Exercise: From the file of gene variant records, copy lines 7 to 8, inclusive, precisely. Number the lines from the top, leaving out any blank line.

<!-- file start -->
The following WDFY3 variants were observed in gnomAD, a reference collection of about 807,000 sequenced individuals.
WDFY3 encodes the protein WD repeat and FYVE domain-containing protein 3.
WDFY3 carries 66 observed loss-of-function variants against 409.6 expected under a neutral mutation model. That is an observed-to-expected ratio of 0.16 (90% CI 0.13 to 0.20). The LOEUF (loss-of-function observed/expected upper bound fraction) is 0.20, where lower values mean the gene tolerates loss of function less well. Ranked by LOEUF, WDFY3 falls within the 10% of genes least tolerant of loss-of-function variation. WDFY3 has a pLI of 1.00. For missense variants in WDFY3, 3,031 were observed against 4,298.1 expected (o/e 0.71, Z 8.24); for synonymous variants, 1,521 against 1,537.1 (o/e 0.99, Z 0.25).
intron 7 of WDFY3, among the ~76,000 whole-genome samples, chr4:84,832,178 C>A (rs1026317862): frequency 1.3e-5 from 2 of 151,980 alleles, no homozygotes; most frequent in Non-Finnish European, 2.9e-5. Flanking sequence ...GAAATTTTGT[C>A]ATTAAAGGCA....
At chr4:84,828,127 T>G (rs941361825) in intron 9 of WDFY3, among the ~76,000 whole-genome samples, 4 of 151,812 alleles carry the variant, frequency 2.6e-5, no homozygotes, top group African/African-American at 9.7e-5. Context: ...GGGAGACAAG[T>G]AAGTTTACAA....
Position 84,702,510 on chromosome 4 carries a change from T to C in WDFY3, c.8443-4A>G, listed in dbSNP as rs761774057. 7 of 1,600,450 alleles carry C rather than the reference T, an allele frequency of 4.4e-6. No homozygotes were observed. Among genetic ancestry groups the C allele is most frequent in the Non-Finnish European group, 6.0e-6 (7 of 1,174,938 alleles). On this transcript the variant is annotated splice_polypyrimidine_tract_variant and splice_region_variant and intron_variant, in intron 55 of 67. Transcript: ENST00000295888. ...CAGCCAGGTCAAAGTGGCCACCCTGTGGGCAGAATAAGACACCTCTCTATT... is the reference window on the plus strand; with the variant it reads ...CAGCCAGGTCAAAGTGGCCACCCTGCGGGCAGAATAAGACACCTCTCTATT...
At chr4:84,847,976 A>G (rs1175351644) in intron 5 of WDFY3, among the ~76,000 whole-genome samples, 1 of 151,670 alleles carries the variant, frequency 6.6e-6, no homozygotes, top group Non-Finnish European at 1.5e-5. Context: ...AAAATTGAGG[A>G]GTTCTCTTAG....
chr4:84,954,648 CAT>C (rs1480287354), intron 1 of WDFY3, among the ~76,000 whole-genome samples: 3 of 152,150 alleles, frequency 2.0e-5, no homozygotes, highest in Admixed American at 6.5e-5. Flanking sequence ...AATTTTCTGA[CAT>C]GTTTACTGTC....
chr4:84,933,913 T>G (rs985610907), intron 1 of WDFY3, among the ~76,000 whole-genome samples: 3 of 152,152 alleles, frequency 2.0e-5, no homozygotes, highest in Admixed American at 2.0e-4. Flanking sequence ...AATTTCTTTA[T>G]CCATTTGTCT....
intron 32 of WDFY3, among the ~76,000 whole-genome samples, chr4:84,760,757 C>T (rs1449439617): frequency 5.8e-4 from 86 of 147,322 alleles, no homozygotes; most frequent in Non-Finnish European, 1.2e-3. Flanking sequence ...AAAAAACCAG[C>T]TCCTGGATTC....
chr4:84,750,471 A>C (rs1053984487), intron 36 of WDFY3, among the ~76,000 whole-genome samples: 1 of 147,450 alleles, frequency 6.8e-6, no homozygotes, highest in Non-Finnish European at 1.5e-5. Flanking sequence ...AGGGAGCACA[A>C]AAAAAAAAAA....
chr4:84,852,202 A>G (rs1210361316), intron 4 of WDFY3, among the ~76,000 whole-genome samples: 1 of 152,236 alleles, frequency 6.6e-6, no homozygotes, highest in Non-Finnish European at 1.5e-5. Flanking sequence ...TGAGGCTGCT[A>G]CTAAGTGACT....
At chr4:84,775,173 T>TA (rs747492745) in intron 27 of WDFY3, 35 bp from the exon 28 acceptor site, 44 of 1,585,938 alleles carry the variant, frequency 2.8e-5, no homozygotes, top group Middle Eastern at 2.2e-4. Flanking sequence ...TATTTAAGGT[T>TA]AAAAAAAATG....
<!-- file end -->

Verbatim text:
At chr4:84,847,976 A>G (rs1175351644) in intron 5 of WDFY3, among the ~76,000 whole-genome samples, 1 of 151,670 alleles carries the variant, frequency 6.6e-6, no homozygotes, top group Non-Finnish European at 1.5e-5. Context: ...AAAATTGAGG[A>G]GTTCTCTTAG....
chr4:84,954,648 CAT>C (rs1480287354), intron 1 of WDFY3, among the ~76,000 whole-genome samples: 3 of 152,150 alleles, frequency 2.0e-5, no homozygotes, highest in Admixed American at 6.5e-5. Flanking sequence ...AATTTTCTGA[CAT>C]GTTTACTGTC....